20

This is an addition to Avi's answer. The varieties are sweet and bitter almond (the latter is the one with amygdalin which is the source of the cyanide as well as the aroma (benzaldehyde)) almonds, see http://en.wikipedia.org/wiki/Almond#Sweet_and_bitter_almonds. Here (Germany) bitter almonds are sold only in small amounts for baking which are labelled ...


19

According to Nicotine Content of Domestic Cigarettes, Imported Cigarettes and Pipe Tobacco in Iran Addiction & Health 2012, volume 4, pages 28–35. The amount of nicotine in each cigarette was from 6.17 to 12.65 mg (1.23 ± 0.15 percent of tobacco weight in each cigarette) in domestic cigarettes. It was between 7.17-28.86 mg (1.80 ± 0.25 percent of ...


18

Yes, a person can die because of poison given them several years earlier. In cases I am aware of, this is due to the poison remaining in, and reacting with, the body. For example, death from ingesting a single dose of a radioactive material can take many years. I am not aware of any evidence that the danger of ingesting a radioactive material, such as ...


14

Hydrogen Cyanide (HCN) has the odor/taste of bitter almonds. Exposure to 10-30 ppm HCN in air can result in a metallic taste being reported. Source: Clinical Environmental Health and Toxic Exposures, by John Burke Sullivan and Gary R. Kreiger, page 711. HCN can be detected at levels from as low as 1ppm and the fatal dose, depending on the time of exposure, ...


14

About Rob Pilley, the "zoologist and producer" who gave the Daily news their original quotes. A google scholar search does not turn up any research from him; none of the 120 papers by a R Pilley are zoological in nature. Most of them are probably by other people. He does have a decent list of credits on IMDB. This suggests that he is an expert on making ...


13

It is a common figure of speech to say [small amount] of toxin could kill [large amount] people. (Examples: 1, 2) It is an emotive demonstration of the toxicity, but it openly ignores the complexity of the delivery mechanism - an assumption Rockwell scoffs at. What is more relevant than the figure of speech used to describe the toxicity, is the underlying ...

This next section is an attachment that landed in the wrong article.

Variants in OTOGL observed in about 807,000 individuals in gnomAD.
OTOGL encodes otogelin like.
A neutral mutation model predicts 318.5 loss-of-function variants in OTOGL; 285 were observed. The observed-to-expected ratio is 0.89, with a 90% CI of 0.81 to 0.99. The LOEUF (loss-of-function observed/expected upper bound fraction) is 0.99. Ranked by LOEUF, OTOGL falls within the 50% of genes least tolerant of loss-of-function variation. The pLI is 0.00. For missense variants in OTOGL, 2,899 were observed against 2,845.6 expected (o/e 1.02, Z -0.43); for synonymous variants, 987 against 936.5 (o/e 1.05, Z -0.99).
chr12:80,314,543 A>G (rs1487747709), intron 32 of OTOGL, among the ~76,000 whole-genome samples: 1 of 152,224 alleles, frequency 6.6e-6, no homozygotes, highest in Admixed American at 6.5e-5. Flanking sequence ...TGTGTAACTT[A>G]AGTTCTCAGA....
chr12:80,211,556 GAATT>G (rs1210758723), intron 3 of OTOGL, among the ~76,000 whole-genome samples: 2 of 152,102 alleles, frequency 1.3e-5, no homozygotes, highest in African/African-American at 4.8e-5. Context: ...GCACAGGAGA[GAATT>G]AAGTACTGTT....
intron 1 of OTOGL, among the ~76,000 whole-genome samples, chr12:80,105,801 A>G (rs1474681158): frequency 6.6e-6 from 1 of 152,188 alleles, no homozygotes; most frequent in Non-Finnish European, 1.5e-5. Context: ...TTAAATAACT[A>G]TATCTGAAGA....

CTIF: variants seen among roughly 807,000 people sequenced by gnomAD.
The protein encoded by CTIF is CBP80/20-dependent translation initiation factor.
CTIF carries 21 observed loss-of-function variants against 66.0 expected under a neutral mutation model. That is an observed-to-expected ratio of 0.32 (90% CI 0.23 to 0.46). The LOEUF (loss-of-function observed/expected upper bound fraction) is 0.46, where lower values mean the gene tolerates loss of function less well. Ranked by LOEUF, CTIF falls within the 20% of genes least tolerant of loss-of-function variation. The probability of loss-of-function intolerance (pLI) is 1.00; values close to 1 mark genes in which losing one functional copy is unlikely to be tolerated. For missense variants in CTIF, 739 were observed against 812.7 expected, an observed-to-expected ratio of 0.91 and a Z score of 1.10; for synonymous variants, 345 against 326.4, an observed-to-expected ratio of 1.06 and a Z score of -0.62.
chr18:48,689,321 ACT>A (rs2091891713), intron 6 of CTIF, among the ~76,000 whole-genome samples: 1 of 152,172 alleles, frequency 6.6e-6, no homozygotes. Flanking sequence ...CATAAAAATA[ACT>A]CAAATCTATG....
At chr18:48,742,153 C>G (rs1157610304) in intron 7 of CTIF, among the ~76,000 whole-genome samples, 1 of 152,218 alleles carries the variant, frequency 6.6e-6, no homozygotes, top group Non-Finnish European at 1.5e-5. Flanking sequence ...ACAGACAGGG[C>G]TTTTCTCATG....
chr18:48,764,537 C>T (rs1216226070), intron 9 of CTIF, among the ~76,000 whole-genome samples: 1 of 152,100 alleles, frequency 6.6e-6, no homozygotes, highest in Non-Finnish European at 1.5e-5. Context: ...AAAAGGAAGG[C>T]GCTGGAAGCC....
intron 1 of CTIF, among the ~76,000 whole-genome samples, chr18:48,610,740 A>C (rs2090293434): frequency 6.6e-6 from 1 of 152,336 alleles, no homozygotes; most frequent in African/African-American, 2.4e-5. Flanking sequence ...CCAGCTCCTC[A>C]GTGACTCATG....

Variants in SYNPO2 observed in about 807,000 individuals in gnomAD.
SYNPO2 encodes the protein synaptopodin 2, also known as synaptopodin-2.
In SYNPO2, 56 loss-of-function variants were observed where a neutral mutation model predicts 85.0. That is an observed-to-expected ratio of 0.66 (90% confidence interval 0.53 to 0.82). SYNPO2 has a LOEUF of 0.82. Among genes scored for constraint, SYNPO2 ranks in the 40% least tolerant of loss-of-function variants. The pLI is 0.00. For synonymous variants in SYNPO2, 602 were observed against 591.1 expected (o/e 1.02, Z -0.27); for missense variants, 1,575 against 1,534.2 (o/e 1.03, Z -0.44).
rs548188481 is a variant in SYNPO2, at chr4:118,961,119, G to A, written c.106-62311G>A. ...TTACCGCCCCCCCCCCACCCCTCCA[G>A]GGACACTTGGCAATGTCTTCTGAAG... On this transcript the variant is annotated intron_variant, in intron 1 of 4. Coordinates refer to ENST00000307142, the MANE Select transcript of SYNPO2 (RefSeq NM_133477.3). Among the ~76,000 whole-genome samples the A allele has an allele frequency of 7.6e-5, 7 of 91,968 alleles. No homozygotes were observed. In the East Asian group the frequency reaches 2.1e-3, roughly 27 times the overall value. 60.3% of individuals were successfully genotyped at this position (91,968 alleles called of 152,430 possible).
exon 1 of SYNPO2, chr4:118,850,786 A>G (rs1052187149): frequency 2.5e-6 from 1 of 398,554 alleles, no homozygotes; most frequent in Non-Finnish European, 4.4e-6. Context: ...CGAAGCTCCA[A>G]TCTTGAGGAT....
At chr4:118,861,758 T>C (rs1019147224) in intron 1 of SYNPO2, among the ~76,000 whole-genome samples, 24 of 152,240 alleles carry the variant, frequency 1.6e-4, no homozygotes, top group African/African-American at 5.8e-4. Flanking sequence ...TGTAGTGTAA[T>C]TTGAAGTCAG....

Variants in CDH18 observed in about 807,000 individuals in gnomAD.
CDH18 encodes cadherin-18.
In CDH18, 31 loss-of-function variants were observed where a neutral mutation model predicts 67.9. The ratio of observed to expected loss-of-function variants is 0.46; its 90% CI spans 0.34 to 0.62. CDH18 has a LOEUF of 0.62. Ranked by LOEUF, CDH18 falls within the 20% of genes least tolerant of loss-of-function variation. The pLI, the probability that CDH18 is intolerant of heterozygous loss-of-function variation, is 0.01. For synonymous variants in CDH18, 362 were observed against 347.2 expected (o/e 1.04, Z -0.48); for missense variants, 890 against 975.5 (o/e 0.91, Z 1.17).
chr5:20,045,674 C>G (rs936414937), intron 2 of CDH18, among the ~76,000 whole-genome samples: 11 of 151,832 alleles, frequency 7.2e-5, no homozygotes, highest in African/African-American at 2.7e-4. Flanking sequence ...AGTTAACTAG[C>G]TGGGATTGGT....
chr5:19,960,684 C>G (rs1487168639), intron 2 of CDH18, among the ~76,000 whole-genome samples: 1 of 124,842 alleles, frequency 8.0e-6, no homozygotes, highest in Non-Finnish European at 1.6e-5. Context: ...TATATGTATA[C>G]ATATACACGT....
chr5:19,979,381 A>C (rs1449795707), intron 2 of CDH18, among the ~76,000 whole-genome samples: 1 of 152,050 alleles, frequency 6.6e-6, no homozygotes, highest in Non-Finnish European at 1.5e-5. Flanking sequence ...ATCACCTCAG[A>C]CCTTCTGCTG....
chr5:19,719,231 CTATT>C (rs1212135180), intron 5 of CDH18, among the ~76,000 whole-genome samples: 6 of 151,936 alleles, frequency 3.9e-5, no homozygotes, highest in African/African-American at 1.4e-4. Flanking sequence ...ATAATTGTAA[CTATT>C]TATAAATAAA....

13

Summary The question as asked in the title depends on what you consider "strong evidence". I will therefore have a look at which side makes the better-sourced point. (Which is not just about "protecting people with damaged airways", but several other health effects as well.) One side -- the Umweltbundesamt -- gave references to studies the decision was ...


12

Yes: Asbestos Poisoning. A single fibre can get lodged in your lungs, and not cause problems until years later. Asbestos poisoning has a median latency of 44.6 years Source


11

In short, potentially yes, at least in mice: The authors used gas chromatography/mass spectrometry to identify respiratory irritants (e.g., styrene, isopropylbenzene, limonene) in the emissions of one of the polyurethane foam mattresses. Some mattresses emitted mixtures of volatile chemicals that had the potential to cause respiratory-tract irritation and ...


11

Yes, kind of. The researcher quoted in that page is Sandeep Salvi, director of the Chest Research Foundation. He was one of the authors of a paper that was presented at the National Pulmonary Congress, 2004, Ahmedabad. (Note: I assume that means it was not peer-reviewed.) Brashier B, Jantikar A, Sewlikar S, Maganji M, Bal T, Salvi SS, Effects of mosquito ...


11

tl;dr: Yes. This Mister Steve Ludwin is quite public about his snake adventures. The details about his method as reported in the popular press are a bit murky and so imprecise that they increase the danger for fellow travellers down this path beyond the insanely high levels it is on already. All snake venoms are not created equal. Different species possess ...


10

A quick look around seems to show that although uncommon, it is not unique to have range animals poisoned by cyanide. It does not seem to be a "GM" issue(?). Many plants produce cyanide as a defence mechanism against browsers (mainly snail sized). If the plant is under stress (like when a drought occurs) the levels and concentration of this toxin increases ...


10

The World Health Organization report in Concise International Chemical Assessment Document 61: HYDROGEN CYANIDE AND CYANIDES: HUMAN HEALTH ASPECTS Following application of cyanides in aqueous solution to the intact skin of New Zealand rabbits, the dermal LD50s of hydrogen cyanide, sodium cyanide, and potassium cyanide were 0.260, 0.298, and 0.343 mmol/kg ...


9

This Belfast Telegraph article explains it a little bit better. The lambs could have been vaccinated recently. The UFU President is also quoted saying there is little risk to the public. Hope that clears things up. Stringent EU regulations mean that animals which have been vaccinated or treated with antibiotics have to be kept out of the food chain ...


8

I would call this one a falsehood. Starting with something peer reviewed and accountable: Individuals with high intakes of dietary fiber appear to be at significantly lower risk for developing coronary heart disease, stroke, hypertension, diabetes, obesity, and certain gastrointestinal diseases. Increasing fiber intake lowers blood pressure and ...